In a deceptive design, we would just randomize the signal given to the subjects: e.g., we tell them with 50% probability that the housing prices will increase by 1%, and we tell them with 50% probability that the housing prices will increase by 10%. Instead, we use a non-deceptive design: we randomize the subject into one of multiple valid signals about the home price dynamics (e.g., forecasts produced by different econometric models).

To generate the non-deceptive variation in signals, subjects are randomly assigned to different treatment types (and to sub-treatments within some of these types). Samples of each letter type (and sub-types) are attached to this application. These letter types are identical in every respect except for the content of the table included in the middle of the first page:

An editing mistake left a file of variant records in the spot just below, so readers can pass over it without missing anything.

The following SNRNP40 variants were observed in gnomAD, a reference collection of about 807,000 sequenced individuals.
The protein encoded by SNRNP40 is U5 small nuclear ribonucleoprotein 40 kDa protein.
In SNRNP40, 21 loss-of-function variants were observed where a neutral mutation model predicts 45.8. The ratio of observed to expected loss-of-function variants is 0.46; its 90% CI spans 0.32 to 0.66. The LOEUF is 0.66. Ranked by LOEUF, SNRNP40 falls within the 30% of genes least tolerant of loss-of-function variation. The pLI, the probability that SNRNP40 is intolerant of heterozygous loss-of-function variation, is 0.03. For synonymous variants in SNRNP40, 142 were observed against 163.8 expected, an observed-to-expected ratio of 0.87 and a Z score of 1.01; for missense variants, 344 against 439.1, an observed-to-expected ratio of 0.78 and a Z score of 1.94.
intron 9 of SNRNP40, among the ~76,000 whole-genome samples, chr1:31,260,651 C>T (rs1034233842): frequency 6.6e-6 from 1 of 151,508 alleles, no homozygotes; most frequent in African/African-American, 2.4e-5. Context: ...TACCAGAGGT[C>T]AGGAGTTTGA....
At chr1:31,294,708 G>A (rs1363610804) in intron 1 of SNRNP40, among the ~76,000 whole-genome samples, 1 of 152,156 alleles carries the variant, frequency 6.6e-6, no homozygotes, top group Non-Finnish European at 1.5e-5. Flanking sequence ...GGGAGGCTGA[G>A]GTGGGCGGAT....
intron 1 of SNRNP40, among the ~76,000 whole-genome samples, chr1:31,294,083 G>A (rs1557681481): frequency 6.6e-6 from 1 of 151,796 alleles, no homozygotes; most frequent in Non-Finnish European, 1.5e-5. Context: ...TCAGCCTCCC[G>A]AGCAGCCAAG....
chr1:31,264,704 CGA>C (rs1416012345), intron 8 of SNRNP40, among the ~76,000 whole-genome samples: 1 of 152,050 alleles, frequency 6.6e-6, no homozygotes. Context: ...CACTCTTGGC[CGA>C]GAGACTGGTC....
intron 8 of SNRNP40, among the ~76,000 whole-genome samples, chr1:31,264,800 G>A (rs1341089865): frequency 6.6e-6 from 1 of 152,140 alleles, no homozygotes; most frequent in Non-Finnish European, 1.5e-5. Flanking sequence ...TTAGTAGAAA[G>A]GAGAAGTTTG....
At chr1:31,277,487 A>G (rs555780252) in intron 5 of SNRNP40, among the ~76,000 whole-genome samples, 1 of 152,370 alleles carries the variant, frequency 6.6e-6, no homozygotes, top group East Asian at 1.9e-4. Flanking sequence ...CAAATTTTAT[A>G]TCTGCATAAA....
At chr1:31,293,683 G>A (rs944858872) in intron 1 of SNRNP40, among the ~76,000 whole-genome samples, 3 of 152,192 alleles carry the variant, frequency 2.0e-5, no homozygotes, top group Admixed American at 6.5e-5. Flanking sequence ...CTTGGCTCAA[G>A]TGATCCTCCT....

- Present Letter Type: the current median price of similar homes in the same ZIP Code.

- Future Letter Type: the current median price of similar homes in the same ZIP Code, as well as a forecast for the price 1 year ahead. Within this letter type, subjects are randomized to one of three sub-treatments. Each sub-treatment corresponds to a different forecasting model. For a given individual, the three forecasting models result in forecasts of X%, Y% and Z%. The model that the individual is assigned to will determine the forecast that the individual receives.